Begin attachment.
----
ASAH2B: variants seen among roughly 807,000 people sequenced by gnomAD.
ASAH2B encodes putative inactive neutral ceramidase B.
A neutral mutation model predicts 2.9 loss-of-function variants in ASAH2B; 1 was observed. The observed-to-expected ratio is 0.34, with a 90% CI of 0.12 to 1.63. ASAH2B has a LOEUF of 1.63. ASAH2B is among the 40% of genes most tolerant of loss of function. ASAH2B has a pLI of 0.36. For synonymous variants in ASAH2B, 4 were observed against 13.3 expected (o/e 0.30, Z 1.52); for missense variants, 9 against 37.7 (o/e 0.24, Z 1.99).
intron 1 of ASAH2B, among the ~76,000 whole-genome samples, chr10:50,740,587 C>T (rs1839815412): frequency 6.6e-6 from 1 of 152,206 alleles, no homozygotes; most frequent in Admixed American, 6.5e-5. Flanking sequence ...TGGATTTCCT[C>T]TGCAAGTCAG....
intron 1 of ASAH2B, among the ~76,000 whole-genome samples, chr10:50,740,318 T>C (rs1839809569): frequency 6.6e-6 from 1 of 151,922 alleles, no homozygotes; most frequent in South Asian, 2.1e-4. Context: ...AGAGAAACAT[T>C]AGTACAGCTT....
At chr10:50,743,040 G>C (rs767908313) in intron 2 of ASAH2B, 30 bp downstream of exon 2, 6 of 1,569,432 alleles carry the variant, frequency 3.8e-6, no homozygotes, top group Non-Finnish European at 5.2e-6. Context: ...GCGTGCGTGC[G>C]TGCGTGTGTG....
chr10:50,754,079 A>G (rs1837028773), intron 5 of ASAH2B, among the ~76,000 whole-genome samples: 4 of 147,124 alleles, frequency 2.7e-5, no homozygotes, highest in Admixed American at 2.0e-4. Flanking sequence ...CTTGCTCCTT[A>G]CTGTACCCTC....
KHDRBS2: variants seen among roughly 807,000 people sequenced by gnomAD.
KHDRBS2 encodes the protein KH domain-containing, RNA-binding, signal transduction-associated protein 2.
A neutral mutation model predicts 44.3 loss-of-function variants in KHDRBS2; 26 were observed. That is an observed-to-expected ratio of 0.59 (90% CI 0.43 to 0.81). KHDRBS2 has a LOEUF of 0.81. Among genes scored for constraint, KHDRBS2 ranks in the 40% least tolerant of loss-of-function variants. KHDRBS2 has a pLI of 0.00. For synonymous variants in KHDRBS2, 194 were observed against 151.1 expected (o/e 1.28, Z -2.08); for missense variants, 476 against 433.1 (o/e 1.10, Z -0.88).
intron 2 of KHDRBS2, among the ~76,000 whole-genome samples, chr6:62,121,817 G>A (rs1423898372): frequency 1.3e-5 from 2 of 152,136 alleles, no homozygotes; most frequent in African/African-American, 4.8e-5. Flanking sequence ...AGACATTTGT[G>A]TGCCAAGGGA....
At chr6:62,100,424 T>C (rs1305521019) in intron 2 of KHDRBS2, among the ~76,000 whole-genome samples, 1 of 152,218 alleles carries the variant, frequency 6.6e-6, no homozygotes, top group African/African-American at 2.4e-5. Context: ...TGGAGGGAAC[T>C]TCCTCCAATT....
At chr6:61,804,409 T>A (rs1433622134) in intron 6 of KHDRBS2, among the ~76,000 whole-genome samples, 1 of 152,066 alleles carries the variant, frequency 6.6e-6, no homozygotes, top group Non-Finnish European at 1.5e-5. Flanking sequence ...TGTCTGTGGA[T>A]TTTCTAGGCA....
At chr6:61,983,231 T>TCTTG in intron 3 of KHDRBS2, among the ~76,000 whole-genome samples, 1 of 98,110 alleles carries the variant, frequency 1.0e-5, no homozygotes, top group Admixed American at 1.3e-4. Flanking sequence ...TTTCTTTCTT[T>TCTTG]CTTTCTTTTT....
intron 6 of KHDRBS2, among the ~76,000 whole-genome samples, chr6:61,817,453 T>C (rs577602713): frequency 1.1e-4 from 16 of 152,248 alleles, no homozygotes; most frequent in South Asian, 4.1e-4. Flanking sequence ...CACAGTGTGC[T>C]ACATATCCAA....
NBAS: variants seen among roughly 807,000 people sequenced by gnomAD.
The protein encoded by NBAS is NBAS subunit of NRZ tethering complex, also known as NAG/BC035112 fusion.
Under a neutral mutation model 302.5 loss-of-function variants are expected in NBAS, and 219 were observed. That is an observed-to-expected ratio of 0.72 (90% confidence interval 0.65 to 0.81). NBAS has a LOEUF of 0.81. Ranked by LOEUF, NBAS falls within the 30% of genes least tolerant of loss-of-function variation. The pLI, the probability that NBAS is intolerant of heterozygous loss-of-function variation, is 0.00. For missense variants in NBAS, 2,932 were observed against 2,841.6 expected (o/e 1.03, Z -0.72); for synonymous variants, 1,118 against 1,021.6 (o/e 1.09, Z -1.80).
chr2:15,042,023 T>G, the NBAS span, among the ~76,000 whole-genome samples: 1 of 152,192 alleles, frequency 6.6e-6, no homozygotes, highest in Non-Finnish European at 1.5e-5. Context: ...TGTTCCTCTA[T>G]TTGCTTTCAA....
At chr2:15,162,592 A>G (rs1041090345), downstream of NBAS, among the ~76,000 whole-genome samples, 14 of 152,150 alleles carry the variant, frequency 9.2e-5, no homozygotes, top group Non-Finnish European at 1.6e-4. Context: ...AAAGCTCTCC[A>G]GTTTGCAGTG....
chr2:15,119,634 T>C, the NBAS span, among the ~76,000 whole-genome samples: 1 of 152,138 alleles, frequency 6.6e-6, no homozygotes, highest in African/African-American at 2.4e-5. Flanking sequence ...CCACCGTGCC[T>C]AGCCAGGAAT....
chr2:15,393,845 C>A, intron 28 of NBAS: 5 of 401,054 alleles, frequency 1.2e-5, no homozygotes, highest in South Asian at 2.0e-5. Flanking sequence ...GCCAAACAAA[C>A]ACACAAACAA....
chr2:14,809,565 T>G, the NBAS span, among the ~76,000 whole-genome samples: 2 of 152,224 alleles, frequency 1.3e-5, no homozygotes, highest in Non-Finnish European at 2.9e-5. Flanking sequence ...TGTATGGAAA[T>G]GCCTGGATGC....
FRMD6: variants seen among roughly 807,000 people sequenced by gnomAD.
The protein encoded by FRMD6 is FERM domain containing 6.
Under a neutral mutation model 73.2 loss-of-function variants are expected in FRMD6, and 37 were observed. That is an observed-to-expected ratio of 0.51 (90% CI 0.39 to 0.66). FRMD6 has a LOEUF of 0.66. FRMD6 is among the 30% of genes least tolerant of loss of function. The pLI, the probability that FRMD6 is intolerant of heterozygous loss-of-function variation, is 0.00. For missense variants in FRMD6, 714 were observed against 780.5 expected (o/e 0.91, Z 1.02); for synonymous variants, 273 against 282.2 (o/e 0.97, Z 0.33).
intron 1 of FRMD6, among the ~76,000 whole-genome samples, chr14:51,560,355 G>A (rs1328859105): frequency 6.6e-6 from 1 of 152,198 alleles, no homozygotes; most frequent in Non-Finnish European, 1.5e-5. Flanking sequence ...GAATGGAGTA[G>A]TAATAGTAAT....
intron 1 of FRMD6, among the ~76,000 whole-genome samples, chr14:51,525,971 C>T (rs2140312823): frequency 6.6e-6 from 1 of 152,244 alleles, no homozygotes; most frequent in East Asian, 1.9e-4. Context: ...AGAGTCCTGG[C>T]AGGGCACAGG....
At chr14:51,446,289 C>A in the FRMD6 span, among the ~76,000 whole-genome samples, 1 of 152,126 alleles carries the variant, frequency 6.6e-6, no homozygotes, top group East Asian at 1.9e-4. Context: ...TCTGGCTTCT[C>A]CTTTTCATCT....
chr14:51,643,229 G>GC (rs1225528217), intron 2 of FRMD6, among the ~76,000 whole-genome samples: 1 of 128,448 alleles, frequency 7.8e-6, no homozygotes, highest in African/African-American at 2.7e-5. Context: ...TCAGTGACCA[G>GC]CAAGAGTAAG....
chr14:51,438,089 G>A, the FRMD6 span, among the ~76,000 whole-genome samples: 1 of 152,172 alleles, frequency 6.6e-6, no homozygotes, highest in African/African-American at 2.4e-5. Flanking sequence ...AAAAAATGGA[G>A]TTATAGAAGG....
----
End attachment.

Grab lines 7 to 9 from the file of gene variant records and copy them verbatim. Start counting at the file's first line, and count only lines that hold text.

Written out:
chr10:50,754,079 A>G (rs1837028773), intron 5 of ASAH2B, among the ~76,000 whole-genome samples: 4 of 147,124 alleles, frequency 2.7e-5, no homozygotes, highest in Admixed American at 2.0e-4. Flanking sequence ...CTTGCTCCTT[A>G]CTGTACCCTC....
KHDRBS2: variants seen among roughly 807,000 people sequenced by gnomAD.
KHDRBS2 encodes the protein KH domain-containing, RNA-binding, signal transduction-associated protein 2.